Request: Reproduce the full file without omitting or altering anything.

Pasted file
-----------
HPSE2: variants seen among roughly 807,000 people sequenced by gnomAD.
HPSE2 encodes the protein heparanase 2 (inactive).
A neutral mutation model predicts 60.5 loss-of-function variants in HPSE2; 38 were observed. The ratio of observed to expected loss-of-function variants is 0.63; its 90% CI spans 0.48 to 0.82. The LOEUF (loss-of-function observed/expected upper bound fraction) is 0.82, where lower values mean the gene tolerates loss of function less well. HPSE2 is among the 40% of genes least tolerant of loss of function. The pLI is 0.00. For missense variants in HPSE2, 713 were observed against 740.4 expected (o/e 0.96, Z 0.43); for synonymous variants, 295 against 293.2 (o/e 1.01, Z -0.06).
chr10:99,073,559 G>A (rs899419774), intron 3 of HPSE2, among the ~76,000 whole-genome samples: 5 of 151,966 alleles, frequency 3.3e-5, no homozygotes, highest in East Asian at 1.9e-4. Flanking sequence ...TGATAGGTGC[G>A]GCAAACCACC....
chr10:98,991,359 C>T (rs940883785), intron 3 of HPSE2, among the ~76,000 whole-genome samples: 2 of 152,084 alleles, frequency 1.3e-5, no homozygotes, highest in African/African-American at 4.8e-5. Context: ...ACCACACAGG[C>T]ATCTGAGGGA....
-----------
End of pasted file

HPSE2: variants seen among roughly 807,000 people sequenced by gnomAD.
HPSE2 encodes the protein heparanase 2 (inactive).
A neutral mutation model predicts 60.5 loss-of-function variants in HPSE2; 38 were observed. The ratio of observed to expected loss-of-function variants is 0.63; its 90% CI spans 0.48 to 0.82. The LOEUF (loss-of-function observed/expected upper bound fraction) is 0.82, where lower values mean the gene tolerates loss of function less well. HPSE2 is among the 40% of genes least tolerant of loss of function. The pLI is 0.00. For missense variants in HPSE2, 713 were observed against 740.4 expected (o/e 0.96, Z 0.43); for synonymous variants, 295 against 293.2 (o/e 1.01, Z -0.06).
chr10:99,073,559 G>A (rs899419774), intron 3 of HPSE2, among the ~76,000 whole-genome samples: 5 of 151,966 alleles, frequency 3.3e-5, no homozygotes, highest in East Asian at 1.9e-4. Flanking sequence ...TGATAGGTGC[G>A]GCAAACCACC....
chr10:98,991,359 C>T (rs940883785), intron 3 of HPSE2, among the ~76,000 whole-genome samples: 2 of 152,084 alleles, frequency 1.3e-5, no homozygotes, highest in African/African-American at 4.8e-5. Context: ...ACCACACAGG[C>T]ATCTGAGGGA....